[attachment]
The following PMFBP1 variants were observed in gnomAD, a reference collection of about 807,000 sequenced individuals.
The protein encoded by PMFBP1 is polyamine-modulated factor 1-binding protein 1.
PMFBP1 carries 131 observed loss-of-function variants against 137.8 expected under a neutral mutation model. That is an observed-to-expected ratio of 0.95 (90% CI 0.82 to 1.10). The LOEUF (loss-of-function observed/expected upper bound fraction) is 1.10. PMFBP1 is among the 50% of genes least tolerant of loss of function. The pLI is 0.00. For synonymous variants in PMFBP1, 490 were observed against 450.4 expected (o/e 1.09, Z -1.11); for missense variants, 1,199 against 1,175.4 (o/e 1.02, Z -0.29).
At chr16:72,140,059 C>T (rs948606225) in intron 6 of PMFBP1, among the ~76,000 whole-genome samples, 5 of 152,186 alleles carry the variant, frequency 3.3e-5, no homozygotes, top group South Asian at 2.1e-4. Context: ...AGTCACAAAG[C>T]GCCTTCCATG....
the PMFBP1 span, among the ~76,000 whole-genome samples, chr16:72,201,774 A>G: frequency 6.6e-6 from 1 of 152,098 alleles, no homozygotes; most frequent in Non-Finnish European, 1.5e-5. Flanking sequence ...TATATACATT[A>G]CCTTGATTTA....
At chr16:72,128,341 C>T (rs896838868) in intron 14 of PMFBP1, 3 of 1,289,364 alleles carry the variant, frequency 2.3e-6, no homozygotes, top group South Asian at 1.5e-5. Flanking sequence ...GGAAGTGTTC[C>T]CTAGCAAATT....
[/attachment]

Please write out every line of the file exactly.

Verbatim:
The following PMFBP1 variants were observed in gnomAD, a reference collection of about 807,000 sequenced individuals.
The protein encoded by PMFBP1 is polyamine-modulated factor 1-binding protein 1.
PMFBP1 carries 131 observed loss-of-function variants against 137.8 expected under a neutral mutation model. That is an observed-to-expected ratio of 0.95 (90% CI 0.82 to 1.10). The LOEUF (loss-of-function observed/expected upper bound fraction) is 1.10. PMFBP1 is among the 50% of genes least tolerant of loss of function. The pLI is 0.00. For synonymous variants in PMFBP1, 490 were observed against 450.4 expected (o/e 1.09, Z -1.11); for missense variants, 1,199 against 1,175.4 (o/e 1.02, Z -0.29).
At chr16:72,140,059 C>T (rs948606225) in intron 6 of PMFBP1, among the ~76,000 whole-genome samples, 5 of 152,186 alleles carry the variant, frequency 3.3e-5, no homozygotes, top group South Asian at 2.1e-4. Context: ...AGTCACAAAG[C>T]GCCTTCCATG....
the PMFBP1 span, among the ~76,000 whole-genome samples, chr16:72,201,774 A>G: frequency 6.6e-6 from 1 of 152,098 alleles, no homozygotes; most frequent in Non-Finnish European, 1.5e-5. Flanking sequence ...TATATACATT[A>G]CCTTGATTTA....
At chr16:72,128,341 C>T (rs896838868) in intron 14 of PMFBP1, 3 of 1,289,364 alleles carry the variant, frequency 2.3e-6, no homozygotes, top group South Asian at 1.5e-5. Flanking sequence ...GGAAGTGTTC[C>T]CTAGCAAATT....